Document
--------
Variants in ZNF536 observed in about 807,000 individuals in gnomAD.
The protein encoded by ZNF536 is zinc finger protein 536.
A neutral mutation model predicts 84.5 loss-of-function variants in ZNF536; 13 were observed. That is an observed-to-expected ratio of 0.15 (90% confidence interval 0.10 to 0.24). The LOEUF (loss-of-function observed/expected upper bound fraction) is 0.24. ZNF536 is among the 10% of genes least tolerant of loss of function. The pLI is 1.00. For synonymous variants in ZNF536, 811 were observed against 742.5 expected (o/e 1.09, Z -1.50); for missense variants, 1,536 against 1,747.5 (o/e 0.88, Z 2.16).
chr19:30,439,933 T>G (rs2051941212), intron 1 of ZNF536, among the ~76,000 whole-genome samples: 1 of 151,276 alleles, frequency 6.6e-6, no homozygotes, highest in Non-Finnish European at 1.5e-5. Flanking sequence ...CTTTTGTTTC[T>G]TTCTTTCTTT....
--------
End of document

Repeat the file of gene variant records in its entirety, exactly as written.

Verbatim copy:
Variants in ZNF536 observed in about 807,000 individuals in gnomAD.
The protein encoded by ZNF536 is zinc finger protein 536.
A neutral mutation model predicts 84.5 loss-of-function variants in ZNF536; 13 were observed. That is an observed-to-expected ratio of 0.15 (90% confidence interval 0.10 to 0.24). The LOEUF (loss-of-function observed/expected upper bound fraction) is 0.24. ZNF536 is among the 10% of genes least tolerant of loss of function. The pLI is 1.00. For synonymous variants in ZNF536, 811 were observed against 742.5 expected (o/e 1.09, Z -1.50); for missense variants, 1,536 against 1,747.5 (o/e 0.88, Z 2.16).
chr19:30,439,933 T>G (rs2051941212), intron 1 of ZNF536, among the ~76,000 whole-genome samples: 1 of 151,276 alleles, frequency 6.6e-6, no homozygotes, highest in Non-Finnish European at 1.5e-5. Flanking sequence ...CTTTTGTTTC[T>G]TTCTTTCTTT....